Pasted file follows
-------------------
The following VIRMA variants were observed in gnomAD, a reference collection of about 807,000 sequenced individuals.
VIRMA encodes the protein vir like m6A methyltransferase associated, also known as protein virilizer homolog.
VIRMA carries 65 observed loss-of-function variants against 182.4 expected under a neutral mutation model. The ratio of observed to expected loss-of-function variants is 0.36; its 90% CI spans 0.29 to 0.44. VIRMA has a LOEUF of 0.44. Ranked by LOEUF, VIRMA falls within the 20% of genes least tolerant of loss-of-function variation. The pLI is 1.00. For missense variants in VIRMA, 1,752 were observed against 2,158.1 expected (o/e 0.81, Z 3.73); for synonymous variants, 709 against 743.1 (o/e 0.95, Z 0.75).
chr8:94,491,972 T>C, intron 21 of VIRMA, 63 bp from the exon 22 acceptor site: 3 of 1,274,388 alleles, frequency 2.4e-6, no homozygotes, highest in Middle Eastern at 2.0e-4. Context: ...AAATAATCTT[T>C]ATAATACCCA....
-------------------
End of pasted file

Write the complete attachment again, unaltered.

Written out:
The following VIRMA variants were observed in gnomAD, a reference collection of about 807,000 sequenced individuals.
VIRMA encodes the protein vir like m6A methyltransferase associated, also known as protein virilizer homolog.
VIRMA carries 65 observed loss-of-function variants against 182.4 expected under a neutral mutation model. The ratio of observed to expected loss-of-function variants is 0.36; its 90% CI spans 0.29 to 0.44. VIRMA has a LOEUF of 0.44. Ranked by LOEUF, VIRMA falls within the 20% of genes least tolerant of loss-of-function variation. The pLI is 1.00. For missense variants in VIRMA, 1,752 were observed against 2,158.1 expected (o/e 0.81, Z 3.73); for synonymous variants, 709 against 743.1 (o/e 0.95, Z 0.75).
chr8:94,491,972 T>C, intron 21 of VIRMA, 63 bp from the exon 22 acceptor site: 3 of 1,274,388 alleles, frequency 2.4e-6, no homozygotes, highest in Middle Eastern at 2.0e-4. Context: ...AAATAATCTT[T>C]ATAATACCCA....